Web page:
Next you need to modify the xbindkeys config file. This is easiest by installing the xbindkeys-config package, and run that. Here you can add various commands for different combinations of keypresses. Click “add.” Name the command whatever you like. Click on “get key” and press your key combination. For the action type in “acpi_fakekey [keycode]”, where [keycode] is the event code you found with evtest. For example, for my brightness down key I put acpi_fakekey 224. You can also use this for other commands, too.

Save the file and close xbindkeys-config. Here, I like to move the config file from its default location (~/.xbindkeysrc) to its own folder in /etc, because the commands should be system wide, and also for security (the commands it will be running will be running as root). I copied it to /etc/xbindkeys/xbindkeysrc

Now it's time to test it. run xbindkeys as root with "sudo xbindkeys -f [location of xbindkeysrc file]" . Press super+F6 and super+F7 to make sure they adjust the brightness as they should. If everything is set up right, your brightness should be changing now!

Step 3: Get xbindkeys to run at boot:
As long as the keys are working, the only thing left to do is to make xbindkeys run on boot. The following is the only way I've been able to find to get that to work (init scripts make it run too early and it segfaults). Many thanks to Ubuntu Forums user BslBryan for this tip!

First, modify the sudoers file with the command "sudo visudo" Add the following to the end of the file:

[your username(s)] ALL= NOPASSWD: /usr/bin/xbindkeys

This makes xbindkeys able to be run as root without a password. It's important for the next step. Next go to System -> Preferences -> Startup Applications. Click on add. Name it xbindkeys. For the command, type "sudo /usr/bin/xbindkeys" (without the quotes). Sudo won't ask for a password now because we edited the sudoers file earlier with visudo. Type a description if you like and click add, then close out of startup applications.

Now reboot. If all went well, when you reboot super+F6 and super+F7 should adjust the brightness. Along with the easy fix for the fan, this makes Ubuntu 9.04 much more usable on newer Toshiba laptops.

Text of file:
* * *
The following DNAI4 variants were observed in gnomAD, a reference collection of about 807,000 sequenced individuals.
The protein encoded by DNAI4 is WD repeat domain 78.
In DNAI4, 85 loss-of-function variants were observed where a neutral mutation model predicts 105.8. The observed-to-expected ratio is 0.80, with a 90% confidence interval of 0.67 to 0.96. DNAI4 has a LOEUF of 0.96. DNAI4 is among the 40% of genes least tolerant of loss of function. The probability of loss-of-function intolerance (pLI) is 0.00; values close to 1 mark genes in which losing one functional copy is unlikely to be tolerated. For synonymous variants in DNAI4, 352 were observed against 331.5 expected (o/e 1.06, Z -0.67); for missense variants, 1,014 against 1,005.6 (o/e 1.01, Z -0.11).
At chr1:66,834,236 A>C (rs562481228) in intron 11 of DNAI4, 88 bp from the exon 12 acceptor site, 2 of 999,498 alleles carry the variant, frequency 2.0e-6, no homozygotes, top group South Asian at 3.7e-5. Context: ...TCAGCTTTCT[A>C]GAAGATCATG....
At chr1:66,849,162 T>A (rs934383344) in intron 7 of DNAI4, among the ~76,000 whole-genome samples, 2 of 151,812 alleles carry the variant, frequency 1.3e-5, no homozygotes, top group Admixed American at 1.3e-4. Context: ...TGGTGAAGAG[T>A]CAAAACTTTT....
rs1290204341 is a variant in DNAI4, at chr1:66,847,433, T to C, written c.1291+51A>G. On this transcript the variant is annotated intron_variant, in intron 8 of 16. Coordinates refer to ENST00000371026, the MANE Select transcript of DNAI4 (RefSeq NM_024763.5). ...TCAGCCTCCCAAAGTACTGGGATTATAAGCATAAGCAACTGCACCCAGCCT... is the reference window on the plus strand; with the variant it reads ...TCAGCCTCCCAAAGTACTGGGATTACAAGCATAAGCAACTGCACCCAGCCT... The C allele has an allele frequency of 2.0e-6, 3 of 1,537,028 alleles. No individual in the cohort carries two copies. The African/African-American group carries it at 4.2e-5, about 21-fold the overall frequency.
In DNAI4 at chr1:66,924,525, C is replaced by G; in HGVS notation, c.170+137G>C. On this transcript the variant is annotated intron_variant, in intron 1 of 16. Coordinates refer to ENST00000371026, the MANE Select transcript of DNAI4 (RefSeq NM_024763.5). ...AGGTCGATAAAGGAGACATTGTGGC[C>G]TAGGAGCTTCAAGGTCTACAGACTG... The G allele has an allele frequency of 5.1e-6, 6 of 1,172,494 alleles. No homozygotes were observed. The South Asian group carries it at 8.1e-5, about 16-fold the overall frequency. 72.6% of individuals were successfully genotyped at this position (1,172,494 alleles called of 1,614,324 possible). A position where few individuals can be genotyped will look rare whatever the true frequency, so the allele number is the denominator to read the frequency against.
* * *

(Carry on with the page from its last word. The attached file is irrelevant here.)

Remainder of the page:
Monday, March 23, 2009

How to use LIRC with Amarok 2, Exaile, and other media players in Ubuntu

It has been a while since I updated. School and life in general have kept me busy, and I haven't had many adventures in Linux, but today I had to grapple with a new problem.

Amarok 2 was released last December and after I first tried the beta, I really didn't like it. Amarok 1.4 was my music player of choice, you see, but the times, they are a changin'. In the upcoming release of Ubuntu (Jaunty Jackelope, 9.04) Amarok is due to be replaced by version 2. I decided to try out Amarok 2 again, figuring I will either have to get used to it, or find myself a new player.

Truth is, I still hate Amarok 2. And while I could go into details on that, it is not the reason I am here. When I was first trying to learn to love Amarok 2, I spent a while trying to fix one of my main annoyances with it: lack of support with LIRC (Linux Infrared Remote Control.) In 1.4, the DCOP server made things extremely easy, but it no longer exists in Amarok 2, and so you have to get creative. Edit: *As pointed out in the comments for this post, DCOP was actually replaced with DBus, which I managed to miss somehow. I admittedly don't know much about DBus myself, but if you are interested in getting LIRC working with Amarok 2, you will save yourself some effort looking into DBus. However, this guide still applies to Exaile and any other media players that don't specifically offer remote control support. Thanks to nhnFreespirit for pointing this out!*

As I found out, this guide will also work for other music players. In addition to an already set up LIRC daemon and remote control, you will need an audio player with either global hotkey support (like Amarok 2) or a media player that can take advantage of the keyboard shortcuts (the default way to use media buttons on a keyboard) in Gnome. You might also need a keyboard with media buttons, but I haven't tried it without them, so it may work (if it does, you should let me know!) These instructions are taken from three or four other resources that, in my exhaustive search, I lost and so can't give proper credit, but thanks to those who paved the way.

Step 1: Global Hotkeys
The first thing you need to do is set your global hotkeys to your media buttons. If you are using Amarok 2, this needs to be done within Amarok (go to the configure shortcuts dialogue, and set your global hotkeys for play/pause, stop, next track, and previous track to the corresponding media buttons on your keyboard. If you are using a Gnome/GTK+ music player, you should be able to set these under Preferences -> Keyboard Shortcuts. In either case, you should now be able to control the music with these media buttons.

Step 2: Set LIRC to use acpi scripts